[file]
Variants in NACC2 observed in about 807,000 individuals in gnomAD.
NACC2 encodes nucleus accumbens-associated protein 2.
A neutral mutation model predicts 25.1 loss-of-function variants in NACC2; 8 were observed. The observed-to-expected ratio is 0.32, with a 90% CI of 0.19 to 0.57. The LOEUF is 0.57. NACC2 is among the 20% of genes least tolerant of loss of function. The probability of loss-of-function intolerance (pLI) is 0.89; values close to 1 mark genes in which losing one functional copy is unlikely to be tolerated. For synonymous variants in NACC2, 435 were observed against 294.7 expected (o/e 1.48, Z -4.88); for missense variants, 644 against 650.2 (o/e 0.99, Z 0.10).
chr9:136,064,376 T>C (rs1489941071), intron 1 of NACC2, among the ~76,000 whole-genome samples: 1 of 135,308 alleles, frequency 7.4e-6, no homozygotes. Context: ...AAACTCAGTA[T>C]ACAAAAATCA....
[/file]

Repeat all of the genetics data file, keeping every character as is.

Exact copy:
Variants in NACC2 observed in about 807,000 individuals in gnomAD.
NACC2 encodes nucleus accumbens-associated protein 2.
A neutral mutation model predicts 25.1 loss-of-function variants in NACC2; 8 were observed. The observed-to-expected ratio is 0.32, with a 90% CI of 0.19 to 0.57. The LOEUF is 0.57. NACC2 is among the 20% of genes least tolerant of loss of function. The probability of loss-of-function intolerance (pLI) is 0.89; values close to 1 mark genes in which losing one functional copy is unlikely to be tolerated. For synonymous variants in NACC2, 435 were observed against 294.7 expected (o/e 1.48, Z -4.88); for missense variants, 644 against 650.2 (o/e 0.99, Z 0.10).
chr9:136,064,376 T>C (rs1489941071), intron 1 of NACC2, among the ~76,000 whole-genome samples: 1 of 135,308 alleles, frequency 7.4e-6, no homozygotes. Context: ...AAACTCAGTA[T>C]ACAAAAATCA....